David Cameron in the Commons
David Cameron speaking in the House of Commons, where he will take part in PMQs against the new Labour leader Jeremy Corbyn Reuters

David Cameron has been leader of the Conservative party for a decade, five years of which as prime minister. In his time he has faced down four Labour leaders (one of them acting) across the floor of the House of Commons at Prime Minister's Questions. And he is about to joust with his fifth, the newly elected far-left firebrand Jeremy Corbyn.

PMQs is, traditionally, a bunfight between the two leaders. A slanging match of soundbites and slogans, where each tries to trip the other up and make headlines in their favour, or lead the 10 o'clock news in the evening. Will that be any different now Corbyn, who has promised a new kind of politics, is leading the Labour party?

Cameron is experienced at PMQs. Here is a brief history of his tussles with Labour leaders through his time as the top Tory.

His first ever PMQs question in 2001, after his election as MP for Witney.

It was solid, clear and articulate, but it wasn't exactly a barnstormer. It includes the phrase "doorstep recycling" and was easily batted away by Blair.

Tony Blair

He got off to a fiery start with a nibble at the Labour whip, Hilary Armstrong, who was shouting at him. But Blair, who had more than a decade of PMQs experience by this point, handled a youthful yet self-confident Cameron with ease on the subject of education reform, which dominated the session.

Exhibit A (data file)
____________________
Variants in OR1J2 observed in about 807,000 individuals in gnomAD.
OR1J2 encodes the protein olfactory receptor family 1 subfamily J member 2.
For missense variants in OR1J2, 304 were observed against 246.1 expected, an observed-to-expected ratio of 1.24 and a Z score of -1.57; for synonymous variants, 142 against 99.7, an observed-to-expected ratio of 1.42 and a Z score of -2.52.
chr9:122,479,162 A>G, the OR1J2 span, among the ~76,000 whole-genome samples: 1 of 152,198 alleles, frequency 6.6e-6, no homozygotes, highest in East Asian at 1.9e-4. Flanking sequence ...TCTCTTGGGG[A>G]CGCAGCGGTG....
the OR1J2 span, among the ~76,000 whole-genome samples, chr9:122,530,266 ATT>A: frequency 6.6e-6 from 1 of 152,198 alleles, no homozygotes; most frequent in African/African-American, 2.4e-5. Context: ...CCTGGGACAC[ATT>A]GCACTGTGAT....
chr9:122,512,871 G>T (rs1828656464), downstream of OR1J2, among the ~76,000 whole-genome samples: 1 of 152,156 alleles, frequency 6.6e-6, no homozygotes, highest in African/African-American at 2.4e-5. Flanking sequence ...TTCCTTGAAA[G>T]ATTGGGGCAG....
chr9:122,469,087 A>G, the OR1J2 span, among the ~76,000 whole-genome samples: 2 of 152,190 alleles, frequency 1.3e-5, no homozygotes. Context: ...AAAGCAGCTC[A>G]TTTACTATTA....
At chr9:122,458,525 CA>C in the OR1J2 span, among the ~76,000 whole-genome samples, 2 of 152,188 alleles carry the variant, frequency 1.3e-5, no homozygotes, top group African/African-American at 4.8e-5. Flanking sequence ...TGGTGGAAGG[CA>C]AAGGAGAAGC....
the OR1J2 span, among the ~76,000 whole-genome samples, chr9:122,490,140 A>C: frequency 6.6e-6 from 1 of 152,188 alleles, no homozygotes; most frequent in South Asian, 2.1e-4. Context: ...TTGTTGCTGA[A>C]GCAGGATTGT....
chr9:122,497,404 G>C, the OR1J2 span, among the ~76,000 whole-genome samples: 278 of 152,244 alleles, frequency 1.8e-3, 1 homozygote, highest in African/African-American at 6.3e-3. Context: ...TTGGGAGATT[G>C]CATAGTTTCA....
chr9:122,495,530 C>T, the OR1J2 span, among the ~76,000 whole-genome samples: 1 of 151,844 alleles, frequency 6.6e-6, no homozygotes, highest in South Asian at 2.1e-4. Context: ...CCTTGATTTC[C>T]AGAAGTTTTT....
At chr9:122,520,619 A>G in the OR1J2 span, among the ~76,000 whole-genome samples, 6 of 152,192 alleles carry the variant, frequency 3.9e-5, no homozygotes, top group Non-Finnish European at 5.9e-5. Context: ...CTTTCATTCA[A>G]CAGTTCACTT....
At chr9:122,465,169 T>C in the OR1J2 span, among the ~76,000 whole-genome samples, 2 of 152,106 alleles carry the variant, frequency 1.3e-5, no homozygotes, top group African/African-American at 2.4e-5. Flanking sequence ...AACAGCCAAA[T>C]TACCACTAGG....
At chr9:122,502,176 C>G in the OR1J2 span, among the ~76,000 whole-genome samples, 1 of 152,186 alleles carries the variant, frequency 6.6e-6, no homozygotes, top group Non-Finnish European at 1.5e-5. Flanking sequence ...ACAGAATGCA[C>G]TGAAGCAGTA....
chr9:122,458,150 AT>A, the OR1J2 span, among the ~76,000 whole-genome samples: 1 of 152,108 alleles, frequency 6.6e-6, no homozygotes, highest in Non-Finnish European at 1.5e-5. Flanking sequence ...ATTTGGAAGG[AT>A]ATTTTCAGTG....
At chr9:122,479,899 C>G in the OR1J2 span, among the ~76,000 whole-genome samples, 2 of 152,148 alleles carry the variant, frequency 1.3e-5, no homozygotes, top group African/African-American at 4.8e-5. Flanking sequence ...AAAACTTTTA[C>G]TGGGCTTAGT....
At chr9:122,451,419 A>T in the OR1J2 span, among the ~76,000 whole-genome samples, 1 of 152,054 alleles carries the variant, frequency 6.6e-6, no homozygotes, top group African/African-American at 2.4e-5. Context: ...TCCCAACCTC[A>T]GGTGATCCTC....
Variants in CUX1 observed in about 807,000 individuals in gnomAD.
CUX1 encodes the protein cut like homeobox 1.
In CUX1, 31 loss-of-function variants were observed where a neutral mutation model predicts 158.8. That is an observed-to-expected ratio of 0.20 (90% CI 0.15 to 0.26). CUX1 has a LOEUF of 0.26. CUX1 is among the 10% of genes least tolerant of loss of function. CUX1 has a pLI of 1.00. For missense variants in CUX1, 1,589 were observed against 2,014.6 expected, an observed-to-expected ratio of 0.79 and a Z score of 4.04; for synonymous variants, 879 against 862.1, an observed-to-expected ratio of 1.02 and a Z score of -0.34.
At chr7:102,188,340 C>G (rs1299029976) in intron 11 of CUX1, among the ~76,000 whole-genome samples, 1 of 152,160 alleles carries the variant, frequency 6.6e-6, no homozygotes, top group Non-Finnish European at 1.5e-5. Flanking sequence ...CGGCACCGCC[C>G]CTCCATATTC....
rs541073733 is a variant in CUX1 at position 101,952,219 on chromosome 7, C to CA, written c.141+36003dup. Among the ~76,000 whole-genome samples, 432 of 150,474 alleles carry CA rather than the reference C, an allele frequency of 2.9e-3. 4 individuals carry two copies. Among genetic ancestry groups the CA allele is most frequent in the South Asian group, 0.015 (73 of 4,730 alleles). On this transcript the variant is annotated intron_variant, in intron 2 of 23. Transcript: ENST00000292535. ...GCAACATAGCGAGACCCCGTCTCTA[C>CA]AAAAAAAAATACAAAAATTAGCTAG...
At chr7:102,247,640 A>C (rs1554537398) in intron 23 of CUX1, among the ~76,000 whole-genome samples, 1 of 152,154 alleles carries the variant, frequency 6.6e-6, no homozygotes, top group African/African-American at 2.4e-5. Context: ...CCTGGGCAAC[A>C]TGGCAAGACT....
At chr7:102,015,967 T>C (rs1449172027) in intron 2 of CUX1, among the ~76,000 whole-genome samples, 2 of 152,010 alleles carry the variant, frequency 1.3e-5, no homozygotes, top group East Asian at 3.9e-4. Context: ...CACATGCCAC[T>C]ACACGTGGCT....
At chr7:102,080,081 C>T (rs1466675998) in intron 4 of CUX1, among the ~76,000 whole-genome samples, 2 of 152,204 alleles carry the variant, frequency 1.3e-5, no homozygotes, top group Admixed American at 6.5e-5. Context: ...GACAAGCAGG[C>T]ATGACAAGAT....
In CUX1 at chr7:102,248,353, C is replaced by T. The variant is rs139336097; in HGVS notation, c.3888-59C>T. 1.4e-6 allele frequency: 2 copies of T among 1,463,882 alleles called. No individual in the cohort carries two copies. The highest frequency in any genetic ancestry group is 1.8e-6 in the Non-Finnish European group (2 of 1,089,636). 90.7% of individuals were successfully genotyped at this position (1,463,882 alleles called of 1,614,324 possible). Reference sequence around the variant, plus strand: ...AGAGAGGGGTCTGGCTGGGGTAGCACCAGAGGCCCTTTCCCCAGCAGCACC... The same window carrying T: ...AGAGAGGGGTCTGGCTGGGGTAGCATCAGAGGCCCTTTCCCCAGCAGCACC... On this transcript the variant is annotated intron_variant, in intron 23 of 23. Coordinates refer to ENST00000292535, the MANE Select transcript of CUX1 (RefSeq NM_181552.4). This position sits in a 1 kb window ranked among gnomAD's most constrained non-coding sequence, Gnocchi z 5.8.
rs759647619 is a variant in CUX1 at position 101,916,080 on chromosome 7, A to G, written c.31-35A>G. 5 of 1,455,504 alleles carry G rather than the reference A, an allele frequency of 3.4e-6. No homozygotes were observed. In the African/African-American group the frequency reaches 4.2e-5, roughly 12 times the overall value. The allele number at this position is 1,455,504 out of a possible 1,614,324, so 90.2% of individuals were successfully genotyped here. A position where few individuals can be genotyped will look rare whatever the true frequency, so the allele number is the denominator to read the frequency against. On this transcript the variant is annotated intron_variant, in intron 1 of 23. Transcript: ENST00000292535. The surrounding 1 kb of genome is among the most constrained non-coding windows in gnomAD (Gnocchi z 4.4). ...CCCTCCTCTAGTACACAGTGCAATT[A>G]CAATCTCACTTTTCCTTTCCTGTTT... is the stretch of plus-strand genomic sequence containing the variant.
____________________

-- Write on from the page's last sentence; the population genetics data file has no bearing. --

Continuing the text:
Gordon Brown

Cameron found form against Brown, who was already a prime minister weakened by economic crisis and splits with his party, and found it easy to land blows.

Ed Miliband

But it was with Ed Miliband where Cameron really hit form. This demolition of Miliband ahead of the election on raising VAT was probably his finest PMQs moment, despite the botched delivery of his knockout line – see if you can spot the mistake.

Harriet Harman

Harman, who stepped in as acting leader after Miliband resigned following the overwhelming defeat at the 2015 general election, had to face down an emboldened Cameron and his newly won Commons majority – with far quieter Labour backbenches to support her. Harman held her own, but you could tell the Labour party was utterly deflated just a month after the election.

Jeremy Corbyn

If Corbyn can hold it together and not get dragged into defending himself against Cameron's attacks – think Bin Laden "tragedy" and Hamas "friends" – then he will test the prime minister's political skills from a whole new direction. Whereas Cameron's past opponents wrestled with him in the centre ground of politics, Corbyn will come at Cameron from the anti-austerity far left – will Cameron have the rhetorical sleight of hand to swat away hard-left populism? We will find out.

UPDATE: The exchange in full, which starts at around 10:00...